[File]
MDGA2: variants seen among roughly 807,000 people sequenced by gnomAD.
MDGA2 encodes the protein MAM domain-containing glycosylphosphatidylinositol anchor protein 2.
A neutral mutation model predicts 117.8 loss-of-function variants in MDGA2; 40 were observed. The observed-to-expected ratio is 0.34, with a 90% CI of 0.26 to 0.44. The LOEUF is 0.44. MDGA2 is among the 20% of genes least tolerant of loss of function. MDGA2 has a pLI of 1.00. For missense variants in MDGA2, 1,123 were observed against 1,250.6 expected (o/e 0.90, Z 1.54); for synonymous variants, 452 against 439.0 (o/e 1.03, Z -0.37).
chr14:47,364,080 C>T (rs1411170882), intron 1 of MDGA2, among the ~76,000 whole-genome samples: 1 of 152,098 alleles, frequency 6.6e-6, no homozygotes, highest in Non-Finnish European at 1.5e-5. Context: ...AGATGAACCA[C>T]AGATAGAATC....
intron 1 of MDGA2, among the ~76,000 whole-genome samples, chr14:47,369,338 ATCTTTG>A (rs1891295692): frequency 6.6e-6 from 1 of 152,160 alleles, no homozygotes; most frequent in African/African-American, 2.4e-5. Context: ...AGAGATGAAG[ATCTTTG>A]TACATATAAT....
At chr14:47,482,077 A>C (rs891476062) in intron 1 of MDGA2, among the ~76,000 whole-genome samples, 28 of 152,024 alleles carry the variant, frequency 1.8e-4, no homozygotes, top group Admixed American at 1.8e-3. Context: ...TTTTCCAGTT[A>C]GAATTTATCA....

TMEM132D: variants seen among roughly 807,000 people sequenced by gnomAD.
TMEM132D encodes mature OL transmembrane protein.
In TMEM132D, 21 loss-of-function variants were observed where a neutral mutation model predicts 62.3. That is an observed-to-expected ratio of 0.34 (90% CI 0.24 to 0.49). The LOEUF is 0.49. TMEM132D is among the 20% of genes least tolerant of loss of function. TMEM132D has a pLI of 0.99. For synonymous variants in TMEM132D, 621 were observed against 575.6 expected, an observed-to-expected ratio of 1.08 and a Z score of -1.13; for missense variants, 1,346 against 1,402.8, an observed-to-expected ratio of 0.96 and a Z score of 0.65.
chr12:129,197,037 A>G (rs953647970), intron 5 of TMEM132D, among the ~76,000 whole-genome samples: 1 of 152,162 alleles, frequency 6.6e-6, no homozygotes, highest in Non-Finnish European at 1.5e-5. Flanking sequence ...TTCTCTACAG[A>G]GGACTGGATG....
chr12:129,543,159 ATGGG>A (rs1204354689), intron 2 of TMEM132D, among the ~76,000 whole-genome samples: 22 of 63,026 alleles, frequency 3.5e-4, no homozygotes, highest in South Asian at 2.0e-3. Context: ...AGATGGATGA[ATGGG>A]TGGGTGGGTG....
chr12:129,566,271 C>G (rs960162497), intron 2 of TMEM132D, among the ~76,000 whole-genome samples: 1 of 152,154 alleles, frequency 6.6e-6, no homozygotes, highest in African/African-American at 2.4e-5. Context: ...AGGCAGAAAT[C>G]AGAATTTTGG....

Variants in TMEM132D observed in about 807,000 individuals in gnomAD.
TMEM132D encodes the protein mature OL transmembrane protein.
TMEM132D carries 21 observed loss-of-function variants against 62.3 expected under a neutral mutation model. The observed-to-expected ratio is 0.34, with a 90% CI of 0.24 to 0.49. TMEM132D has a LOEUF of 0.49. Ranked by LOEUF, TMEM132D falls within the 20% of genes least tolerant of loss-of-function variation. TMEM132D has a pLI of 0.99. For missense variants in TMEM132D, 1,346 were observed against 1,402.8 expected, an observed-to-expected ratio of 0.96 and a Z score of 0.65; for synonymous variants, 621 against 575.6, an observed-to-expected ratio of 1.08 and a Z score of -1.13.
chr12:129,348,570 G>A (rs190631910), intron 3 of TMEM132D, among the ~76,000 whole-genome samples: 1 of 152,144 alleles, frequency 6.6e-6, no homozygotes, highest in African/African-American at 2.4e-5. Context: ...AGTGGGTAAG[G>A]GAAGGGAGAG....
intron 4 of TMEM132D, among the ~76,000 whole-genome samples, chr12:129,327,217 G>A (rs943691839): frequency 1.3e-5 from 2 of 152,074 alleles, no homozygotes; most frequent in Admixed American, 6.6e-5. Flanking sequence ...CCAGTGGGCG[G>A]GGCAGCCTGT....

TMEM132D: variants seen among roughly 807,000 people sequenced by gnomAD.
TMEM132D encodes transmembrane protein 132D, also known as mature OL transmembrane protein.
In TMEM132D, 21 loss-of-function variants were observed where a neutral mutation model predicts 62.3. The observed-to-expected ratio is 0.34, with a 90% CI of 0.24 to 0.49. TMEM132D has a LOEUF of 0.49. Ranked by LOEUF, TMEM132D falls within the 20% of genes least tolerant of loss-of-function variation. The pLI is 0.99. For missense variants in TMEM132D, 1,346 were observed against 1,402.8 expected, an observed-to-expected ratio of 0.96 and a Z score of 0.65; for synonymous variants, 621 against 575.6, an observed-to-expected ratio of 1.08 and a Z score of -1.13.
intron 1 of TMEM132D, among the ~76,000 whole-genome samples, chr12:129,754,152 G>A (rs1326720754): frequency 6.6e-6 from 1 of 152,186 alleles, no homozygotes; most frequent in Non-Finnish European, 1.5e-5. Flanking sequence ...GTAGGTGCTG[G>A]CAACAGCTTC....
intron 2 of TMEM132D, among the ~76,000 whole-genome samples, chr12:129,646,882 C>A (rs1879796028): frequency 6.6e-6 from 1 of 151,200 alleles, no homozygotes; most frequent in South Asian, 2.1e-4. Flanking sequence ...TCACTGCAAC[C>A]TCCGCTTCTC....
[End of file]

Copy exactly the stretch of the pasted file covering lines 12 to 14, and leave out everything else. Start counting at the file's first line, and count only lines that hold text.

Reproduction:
chr12:129,566,271 C>G (rs960162497), intron 2 of TMEM132D, among the ~76,000 whole-genome samples: 1 of 152,154 alleles, frequency 6.6e-6, no homozygotes, highest in African/African-American at 2.4e-5. Context: ...AGGCAGAAAT[C>G]AGAATTTTGG....

Variants in TMEM132D observed in about 807,000 individuals in gnomAD.
TMEM132D encodes the protein mature OL transmembrane protein.